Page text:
However it did seem to improve during the workout. Take a look at this. The first rep of these low Z3 intervals was quite bad in terms of powermatching, but the second and third was better, and also felt better.
But still it`s quite diffrent to only using the kickr as both the powersource and controllable.
Lap/rep Watts also seem to be 5 watts lower than prescribed.

Is this normal?

What I see in the workout above is that you were far more stable in your cadence in the 2nd and 3rd intervals. The first has cadence bouncing around much more. This is a problem because ERG mode relies on a steady cadence from you. That is the most important thing, pay attention to and hold as stead a cadence as you can. IGNORE power data and let the system do the work. Maybe that is what you did in the later intervals?


More importantly, there is another issue to address here. If you had previously just been using the Kickr for power, here is a summary:

  1. You were using the Kickr trainer for power data, which means this is “Tape Measure A”.

  2. Adding in the Stages power meter for power data, means you just switched to “Tape Measure B”.

  3. As much as it sucks, it is quite likely that Tape Measure A and Tape Measure B DO NOT MATCH. There are many dozens of threads here with people showing differences between their power meter and smart trainer. The reasons are also many, but I am choosing to ignore that and focus on the more common reality, that you have 2 devices that offer different power data for the same actual effort.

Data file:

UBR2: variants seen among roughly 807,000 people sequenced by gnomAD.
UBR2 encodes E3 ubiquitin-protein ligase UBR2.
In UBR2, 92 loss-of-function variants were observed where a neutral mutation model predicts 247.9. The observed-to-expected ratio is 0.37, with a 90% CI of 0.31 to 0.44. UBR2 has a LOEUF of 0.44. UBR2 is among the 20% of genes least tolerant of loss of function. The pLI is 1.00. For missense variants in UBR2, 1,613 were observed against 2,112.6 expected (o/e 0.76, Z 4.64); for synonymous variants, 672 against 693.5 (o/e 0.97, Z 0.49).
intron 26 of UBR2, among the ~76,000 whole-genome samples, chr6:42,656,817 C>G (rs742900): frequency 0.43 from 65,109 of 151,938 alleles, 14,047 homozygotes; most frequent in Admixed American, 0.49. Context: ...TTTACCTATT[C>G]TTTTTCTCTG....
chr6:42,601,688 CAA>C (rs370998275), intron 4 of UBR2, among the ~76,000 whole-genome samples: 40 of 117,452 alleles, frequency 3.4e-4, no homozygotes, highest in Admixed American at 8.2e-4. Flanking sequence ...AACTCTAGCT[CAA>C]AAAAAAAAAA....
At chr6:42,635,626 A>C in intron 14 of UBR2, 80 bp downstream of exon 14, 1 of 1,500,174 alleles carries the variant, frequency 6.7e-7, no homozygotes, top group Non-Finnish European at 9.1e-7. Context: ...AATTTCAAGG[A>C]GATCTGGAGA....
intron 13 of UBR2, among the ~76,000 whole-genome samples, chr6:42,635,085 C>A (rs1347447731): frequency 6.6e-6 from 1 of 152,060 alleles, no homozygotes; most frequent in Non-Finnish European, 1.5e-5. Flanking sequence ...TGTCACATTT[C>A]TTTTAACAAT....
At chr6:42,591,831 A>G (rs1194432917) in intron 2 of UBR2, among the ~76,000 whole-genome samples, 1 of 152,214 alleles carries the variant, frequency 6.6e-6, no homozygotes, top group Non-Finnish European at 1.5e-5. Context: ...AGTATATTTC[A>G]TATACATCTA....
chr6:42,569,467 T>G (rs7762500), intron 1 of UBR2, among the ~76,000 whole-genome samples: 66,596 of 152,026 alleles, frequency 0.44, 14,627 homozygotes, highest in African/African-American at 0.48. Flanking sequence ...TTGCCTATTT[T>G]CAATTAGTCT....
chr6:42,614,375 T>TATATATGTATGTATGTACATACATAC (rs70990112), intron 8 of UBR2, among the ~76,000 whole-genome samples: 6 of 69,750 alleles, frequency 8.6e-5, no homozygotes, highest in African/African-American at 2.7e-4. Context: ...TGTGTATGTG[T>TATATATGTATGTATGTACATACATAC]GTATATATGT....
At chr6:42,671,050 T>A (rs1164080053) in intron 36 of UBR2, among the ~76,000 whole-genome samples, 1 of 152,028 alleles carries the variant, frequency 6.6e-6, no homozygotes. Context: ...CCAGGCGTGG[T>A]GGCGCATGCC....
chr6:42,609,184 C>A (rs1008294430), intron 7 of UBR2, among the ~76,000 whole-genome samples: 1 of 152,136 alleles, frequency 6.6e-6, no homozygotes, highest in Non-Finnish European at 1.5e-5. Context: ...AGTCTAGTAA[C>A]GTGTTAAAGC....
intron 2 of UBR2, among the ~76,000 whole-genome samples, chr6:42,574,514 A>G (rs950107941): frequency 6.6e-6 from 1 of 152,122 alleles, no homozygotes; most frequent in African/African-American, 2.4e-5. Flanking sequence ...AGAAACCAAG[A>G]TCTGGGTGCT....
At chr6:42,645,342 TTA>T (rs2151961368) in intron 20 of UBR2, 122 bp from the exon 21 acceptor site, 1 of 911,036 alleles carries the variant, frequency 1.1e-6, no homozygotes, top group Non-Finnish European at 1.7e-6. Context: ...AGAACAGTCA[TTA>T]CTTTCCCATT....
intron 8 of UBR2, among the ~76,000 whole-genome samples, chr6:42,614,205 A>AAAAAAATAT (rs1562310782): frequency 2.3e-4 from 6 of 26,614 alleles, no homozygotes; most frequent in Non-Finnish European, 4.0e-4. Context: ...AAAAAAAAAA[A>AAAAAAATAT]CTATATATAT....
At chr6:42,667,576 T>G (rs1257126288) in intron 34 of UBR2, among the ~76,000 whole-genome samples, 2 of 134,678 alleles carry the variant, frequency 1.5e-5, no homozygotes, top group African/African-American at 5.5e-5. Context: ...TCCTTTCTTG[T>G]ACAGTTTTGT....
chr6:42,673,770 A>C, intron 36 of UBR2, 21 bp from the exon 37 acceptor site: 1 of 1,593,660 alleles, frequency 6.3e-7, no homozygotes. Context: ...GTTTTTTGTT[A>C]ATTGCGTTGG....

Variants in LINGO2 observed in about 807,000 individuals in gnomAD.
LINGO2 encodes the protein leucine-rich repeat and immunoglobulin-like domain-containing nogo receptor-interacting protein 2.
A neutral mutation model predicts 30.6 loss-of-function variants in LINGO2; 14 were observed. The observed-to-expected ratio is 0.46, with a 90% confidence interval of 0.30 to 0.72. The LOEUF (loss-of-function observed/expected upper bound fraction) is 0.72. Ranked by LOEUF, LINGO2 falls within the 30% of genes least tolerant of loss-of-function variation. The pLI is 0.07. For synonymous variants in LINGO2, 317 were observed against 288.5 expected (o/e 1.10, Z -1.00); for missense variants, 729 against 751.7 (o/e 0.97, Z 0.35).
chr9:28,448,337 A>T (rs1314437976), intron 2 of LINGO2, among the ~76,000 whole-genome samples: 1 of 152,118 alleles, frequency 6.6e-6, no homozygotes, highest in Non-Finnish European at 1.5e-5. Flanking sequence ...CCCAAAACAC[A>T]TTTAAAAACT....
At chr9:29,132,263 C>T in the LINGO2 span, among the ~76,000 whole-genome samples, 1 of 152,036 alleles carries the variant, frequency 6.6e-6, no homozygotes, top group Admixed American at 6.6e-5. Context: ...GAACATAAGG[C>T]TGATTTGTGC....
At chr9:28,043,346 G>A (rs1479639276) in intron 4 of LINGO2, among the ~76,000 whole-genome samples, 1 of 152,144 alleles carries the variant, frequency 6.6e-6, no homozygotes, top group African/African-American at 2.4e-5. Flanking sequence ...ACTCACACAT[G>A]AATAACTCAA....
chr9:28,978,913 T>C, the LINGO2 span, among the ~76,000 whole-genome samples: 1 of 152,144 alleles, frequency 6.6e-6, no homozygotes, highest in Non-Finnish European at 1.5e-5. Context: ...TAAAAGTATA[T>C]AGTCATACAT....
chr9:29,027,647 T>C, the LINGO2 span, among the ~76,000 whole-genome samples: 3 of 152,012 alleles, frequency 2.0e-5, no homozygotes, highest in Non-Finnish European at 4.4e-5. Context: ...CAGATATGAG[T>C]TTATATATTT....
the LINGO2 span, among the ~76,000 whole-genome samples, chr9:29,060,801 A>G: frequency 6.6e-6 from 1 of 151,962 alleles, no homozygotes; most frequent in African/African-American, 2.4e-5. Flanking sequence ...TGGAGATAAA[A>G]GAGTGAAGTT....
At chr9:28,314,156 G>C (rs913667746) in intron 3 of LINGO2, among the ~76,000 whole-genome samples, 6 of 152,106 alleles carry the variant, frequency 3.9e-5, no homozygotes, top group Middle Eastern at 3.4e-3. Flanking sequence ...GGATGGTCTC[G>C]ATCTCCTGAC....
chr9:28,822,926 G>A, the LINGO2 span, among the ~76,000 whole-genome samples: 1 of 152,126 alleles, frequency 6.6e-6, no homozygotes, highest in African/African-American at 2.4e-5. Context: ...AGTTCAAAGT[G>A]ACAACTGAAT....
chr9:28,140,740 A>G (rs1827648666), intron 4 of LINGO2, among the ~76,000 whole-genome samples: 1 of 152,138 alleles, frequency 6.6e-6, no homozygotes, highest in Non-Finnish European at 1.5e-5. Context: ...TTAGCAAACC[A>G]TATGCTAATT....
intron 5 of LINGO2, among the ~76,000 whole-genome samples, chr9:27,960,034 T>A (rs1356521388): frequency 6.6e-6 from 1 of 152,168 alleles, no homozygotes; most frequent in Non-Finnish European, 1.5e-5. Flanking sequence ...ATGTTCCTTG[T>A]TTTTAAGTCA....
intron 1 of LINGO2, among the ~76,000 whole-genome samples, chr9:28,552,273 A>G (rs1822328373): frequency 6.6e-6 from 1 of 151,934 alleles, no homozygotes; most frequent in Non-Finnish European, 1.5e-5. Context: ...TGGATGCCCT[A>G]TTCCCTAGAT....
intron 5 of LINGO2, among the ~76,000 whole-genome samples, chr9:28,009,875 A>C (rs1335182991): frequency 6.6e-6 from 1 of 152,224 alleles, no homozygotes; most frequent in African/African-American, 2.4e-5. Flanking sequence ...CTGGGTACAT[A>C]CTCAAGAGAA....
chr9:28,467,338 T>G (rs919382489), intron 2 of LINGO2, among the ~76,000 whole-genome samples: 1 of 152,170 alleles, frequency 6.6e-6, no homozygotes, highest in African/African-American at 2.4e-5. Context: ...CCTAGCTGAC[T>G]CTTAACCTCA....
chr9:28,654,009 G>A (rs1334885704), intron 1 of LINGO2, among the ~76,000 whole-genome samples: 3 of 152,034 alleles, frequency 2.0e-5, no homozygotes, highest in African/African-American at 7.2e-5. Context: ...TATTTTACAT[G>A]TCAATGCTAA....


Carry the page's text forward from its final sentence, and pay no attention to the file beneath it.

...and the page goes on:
4. As such, and this applied to ANYTIME a person changes the device they use to measure their power data, you must redo your FTP test while using your new power meter device. There is likely a “new and different” FTP according to the new device.

  5. At present, you are performing work based on info derived from Tape A, but using Tape B, which means things will most likely feel different. Easy vs hard depends on which one reads higher than the other, and it’s largely irrelevant. You need to retest with the power meter, and use that moving forward.

  6. As a useful suggestion, you should consider creating a new Season to correspond with your power device swap. The fact that your data is now different means you don’t really want to compare to prior data from the other device.

Does that answer your questions?

Hi Chad

Thanks for your very comprehensive answer!
But no unfortunately it dosen’t answer my question.

  1. I didn’t ride a varied cadence on purpose. The resistance of the trainer was strange compared to effort 2 and 3. The resistance was changing a lot which was the reason why I had to try and increase my cadence all the time to get the power up. So it was the other way around.

  2. Today was my second ever trainerroad ride. So not relevant to re test my FTP or anything in relation to the data. I have just started to use trainerroad because I want to try trainnow!

I have been using my stages data for the last 4 years. Never the data from my kickr.

However when that’s said the kickr and stages is actually surprisingly close! Except for differences in acceleration.

Best wishes Malte